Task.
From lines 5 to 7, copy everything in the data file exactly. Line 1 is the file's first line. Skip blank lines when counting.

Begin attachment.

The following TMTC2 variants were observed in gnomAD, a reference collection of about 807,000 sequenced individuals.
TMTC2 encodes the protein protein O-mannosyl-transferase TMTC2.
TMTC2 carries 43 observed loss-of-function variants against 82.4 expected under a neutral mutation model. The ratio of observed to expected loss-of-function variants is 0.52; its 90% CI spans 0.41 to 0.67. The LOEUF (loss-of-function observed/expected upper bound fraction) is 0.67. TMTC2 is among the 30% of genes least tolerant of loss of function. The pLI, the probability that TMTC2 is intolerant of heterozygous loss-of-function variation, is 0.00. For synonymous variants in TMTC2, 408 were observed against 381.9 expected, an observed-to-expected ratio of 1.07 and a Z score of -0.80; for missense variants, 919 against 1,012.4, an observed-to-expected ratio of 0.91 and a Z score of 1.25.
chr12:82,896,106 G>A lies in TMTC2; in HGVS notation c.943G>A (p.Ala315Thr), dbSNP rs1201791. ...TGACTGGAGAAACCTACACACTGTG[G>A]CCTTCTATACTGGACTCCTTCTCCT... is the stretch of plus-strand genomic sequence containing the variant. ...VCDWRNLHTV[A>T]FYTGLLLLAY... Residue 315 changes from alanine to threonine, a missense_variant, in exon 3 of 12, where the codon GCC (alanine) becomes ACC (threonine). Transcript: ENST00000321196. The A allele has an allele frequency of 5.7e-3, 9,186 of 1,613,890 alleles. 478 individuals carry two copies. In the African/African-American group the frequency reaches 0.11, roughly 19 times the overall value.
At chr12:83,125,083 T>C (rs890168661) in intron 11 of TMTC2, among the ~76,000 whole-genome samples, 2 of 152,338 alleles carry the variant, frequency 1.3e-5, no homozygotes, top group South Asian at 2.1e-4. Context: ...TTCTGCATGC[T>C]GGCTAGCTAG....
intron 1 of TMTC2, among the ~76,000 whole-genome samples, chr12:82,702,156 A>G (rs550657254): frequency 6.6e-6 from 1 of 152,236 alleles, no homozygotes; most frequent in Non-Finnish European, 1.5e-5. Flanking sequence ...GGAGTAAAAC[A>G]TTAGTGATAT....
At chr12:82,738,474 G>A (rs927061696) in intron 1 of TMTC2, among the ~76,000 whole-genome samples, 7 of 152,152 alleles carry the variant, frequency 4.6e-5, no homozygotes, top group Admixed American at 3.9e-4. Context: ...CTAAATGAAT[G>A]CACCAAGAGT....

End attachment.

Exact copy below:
At chr12:83,125,083 T>C (rs890168661) in intron 11 of TMTC2, among the ~76,000 whole-genome samples, 2 of 152,338 alleles carry the variant, frequency 1.3e-5, no homozygotes, top group South Asian at 2.1e-4. Context: ...TTCTGCATGC[T>C]GGCTAGCTAG....
intron 1 of TMTC2, among the ~76,000 whole-genome samples, chr12:82,702,156 A>G (rs550657254): frequency 6.6e-6 from 1 of 152,236 alleles, no homozygotes; most frequent in Non-Finnish European, 1.5e-5. Flanking sequence ...GGAGTAAAAC[A>G]TTAGTGATAT....
At chr12:82,738,474 G>A (rs927061696) in intron 1 of TMTC2, among the ~76,000 whole-genome samples, 7 of 152,152 alleles carry the variant, frequency 4.6e-5, no homozygotes, top group Admixed American at 3.9e-4. Context: ...CTAAATGAAT[G>A]CACCAAGAGT....